Time to move on
On December 28th 2015, a landmark agreement between Japan and South Korea on the long standing comfort women issue was reached in Seoul, South Korea. By this agreement, Prime Minister Abe formally apologized and agreed to pay 1 billion yen (or $8.3million) to the surviving “comfort women” in South Korea to resolve this issue between Japan and South Korea finally and irreversibly.
Although both governments seemed satisfied, there has been some negative response from Korean civic groups. Many Koreans in the United States wish to continue to build memorial statues in America to the comfort women. I’m not here today to criticize any party involved, but I want to add some truth to what’s been told to the world. I hope you’ll consider my points carefully.
Fifty years ago, on December 18th 1965, Japan and South Korea agreed that Japan would compensate South Korea for all damages inflicted by the Japanese military. The treaty required Japan to provide eight hundred million dollars in financial and technological aid. By this Agreement, all claims against Japan by South Korea arising from the Second World War would be deemed paid in full and closed forever.
Yet, decades later, new claims arose against Japan. It all started because of one book. In 1977, a Japanese writer, Seiji Yoshida , published ”Korean Comfort Women and Japanese People” This issue attracted a lot of attention and media coverage.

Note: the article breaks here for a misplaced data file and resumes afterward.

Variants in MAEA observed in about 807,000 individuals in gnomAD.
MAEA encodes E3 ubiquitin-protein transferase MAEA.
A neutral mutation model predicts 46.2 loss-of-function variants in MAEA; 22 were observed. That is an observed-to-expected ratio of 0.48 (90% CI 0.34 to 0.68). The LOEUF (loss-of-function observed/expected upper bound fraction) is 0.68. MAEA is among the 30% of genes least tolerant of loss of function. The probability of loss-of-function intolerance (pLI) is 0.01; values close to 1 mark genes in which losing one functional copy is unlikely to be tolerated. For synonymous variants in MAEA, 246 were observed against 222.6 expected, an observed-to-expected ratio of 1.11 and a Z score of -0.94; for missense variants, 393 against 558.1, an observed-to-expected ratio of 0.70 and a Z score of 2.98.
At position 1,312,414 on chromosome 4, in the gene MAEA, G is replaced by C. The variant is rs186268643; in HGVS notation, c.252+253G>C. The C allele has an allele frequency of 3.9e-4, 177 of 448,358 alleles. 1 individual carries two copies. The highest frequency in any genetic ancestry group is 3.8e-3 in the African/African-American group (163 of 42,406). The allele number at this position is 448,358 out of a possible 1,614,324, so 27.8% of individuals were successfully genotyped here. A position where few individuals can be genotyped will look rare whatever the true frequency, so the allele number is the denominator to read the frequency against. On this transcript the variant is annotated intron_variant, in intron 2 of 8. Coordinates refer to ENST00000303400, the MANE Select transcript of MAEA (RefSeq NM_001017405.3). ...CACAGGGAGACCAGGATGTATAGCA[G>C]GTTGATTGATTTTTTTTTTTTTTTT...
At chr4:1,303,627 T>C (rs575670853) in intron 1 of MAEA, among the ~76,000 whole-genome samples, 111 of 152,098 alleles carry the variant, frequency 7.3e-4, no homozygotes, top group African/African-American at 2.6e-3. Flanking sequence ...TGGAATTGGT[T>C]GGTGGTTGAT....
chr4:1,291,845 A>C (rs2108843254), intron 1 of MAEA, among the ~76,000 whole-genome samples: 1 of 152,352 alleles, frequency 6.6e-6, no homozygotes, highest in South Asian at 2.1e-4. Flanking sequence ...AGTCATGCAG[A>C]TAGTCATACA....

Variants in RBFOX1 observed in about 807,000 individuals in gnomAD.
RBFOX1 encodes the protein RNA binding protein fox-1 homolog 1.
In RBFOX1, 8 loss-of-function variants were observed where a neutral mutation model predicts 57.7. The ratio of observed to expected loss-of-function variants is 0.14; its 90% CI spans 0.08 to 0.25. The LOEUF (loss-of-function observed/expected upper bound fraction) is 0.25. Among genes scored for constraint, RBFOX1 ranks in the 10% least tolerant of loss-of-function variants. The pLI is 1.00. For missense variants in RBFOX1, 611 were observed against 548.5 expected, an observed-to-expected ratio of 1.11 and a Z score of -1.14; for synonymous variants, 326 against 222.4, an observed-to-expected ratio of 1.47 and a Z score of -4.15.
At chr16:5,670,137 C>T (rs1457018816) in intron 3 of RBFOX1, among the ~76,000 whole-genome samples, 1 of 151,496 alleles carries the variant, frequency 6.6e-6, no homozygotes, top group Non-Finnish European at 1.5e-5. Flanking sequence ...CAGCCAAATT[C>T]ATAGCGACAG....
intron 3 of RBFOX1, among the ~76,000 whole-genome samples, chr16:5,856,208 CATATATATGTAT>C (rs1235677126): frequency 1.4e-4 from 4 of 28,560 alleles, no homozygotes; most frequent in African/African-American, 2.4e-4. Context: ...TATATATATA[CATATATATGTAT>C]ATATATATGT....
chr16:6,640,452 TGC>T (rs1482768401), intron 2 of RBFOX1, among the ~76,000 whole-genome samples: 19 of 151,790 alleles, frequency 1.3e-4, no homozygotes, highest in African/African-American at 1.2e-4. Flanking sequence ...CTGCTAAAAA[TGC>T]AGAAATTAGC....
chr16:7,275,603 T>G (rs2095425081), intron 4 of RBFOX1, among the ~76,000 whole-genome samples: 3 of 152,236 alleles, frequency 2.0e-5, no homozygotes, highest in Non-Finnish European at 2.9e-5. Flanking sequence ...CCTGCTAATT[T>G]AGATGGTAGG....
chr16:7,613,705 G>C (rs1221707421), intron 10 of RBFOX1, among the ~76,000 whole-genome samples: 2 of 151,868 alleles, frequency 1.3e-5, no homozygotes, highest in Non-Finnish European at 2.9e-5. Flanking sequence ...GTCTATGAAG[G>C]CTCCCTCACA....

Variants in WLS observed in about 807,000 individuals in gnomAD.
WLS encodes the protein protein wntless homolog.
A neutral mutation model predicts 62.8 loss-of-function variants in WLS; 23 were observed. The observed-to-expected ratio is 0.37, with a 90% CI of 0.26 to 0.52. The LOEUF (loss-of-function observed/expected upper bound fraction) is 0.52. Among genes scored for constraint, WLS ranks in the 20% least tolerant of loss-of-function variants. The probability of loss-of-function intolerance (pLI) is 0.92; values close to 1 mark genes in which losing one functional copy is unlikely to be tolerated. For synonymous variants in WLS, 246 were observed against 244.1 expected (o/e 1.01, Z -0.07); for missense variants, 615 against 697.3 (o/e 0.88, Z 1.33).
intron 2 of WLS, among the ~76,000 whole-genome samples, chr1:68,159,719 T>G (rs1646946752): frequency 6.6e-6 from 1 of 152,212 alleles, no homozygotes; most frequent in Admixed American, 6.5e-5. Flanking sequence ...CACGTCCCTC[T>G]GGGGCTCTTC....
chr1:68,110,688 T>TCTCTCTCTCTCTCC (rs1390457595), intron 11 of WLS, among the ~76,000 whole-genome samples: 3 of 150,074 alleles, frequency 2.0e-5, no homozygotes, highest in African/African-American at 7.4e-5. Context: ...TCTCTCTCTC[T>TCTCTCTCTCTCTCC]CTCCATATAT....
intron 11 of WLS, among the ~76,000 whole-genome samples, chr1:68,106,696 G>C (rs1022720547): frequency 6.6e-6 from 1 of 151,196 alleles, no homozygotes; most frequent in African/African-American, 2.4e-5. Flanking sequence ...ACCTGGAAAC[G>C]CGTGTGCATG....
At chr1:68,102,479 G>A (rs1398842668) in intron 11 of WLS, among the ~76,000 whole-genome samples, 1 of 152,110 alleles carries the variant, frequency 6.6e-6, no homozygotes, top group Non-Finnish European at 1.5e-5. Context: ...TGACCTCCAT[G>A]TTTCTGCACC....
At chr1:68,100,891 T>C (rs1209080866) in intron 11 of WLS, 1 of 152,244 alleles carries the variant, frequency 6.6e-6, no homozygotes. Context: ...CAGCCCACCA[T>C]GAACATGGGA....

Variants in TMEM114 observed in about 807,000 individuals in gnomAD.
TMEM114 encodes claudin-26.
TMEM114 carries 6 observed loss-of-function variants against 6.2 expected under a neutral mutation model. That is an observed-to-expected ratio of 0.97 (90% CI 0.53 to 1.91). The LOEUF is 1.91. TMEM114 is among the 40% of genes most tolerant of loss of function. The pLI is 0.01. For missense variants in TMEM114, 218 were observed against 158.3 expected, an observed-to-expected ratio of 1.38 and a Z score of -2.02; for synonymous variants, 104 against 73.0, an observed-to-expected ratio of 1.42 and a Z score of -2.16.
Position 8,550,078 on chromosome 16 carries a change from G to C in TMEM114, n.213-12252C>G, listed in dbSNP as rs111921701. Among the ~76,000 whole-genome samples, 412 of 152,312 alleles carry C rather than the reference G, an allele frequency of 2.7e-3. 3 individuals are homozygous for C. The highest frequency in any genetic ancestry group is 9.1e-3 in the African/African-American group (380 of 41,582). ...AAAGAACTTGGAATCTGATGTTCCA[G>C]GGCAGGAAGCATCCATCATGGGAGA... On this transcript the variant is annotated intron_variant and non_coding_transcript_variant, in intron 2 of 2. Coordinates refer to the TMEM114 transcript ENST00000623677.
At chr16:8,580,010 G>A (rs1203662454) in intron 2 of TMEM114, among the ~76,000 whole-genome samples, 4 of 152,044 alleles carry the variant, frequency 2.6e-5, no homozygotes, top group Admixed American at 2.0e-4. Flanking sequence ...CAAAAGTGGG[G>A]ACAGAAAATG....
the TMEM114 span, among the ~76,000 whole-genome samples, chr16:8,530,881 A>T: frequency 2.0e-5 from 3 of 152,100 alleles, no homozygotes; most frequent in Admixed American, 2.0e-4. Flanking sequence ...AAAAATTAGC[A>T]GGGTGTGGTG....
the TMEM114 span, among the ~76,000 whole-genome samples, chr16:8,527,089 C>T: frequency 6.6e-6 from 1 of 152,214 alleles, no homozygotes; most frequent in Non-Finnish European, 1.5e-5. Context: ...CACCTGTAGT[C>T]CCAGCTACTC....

In 1983, Yoshida published a second book “My war crimes” which was translated into Korean. Yoshida claimed that he had transported 205 Korean women from Cheju Island to provide comfort women for Japanese soldiers. Yoshida insisted everything he had written was true. He claimed he was tormented by his actions in Korea during the Second World War.
Yoshida was praised by the Japanese political left and many people in Korea. Yoshida had been involved for years in politics before his writing career took off. In 1947, he unsuccessfully ran for the city council as a communist candidate in Shimonoseki. He made a living as a writer, but was largely unknown until he wrote about the comfort women.
In 1982, Asahi, one of Japan’s largest newspapers, started printing his story without confirming the facts. In reality, many comfort women had been recruited by brothels through advertising in Japanese newspapers and local Korean newspapers during the Second World War.
After Yoshida’s second book was published, Japanese historians pointed out factual discrepancies between his two books. Even South Korean media began to question their authenticity.
However, soon after his second book was translated into Korean in 1989, ex-comfort women started coming forward claiming they had been victimized.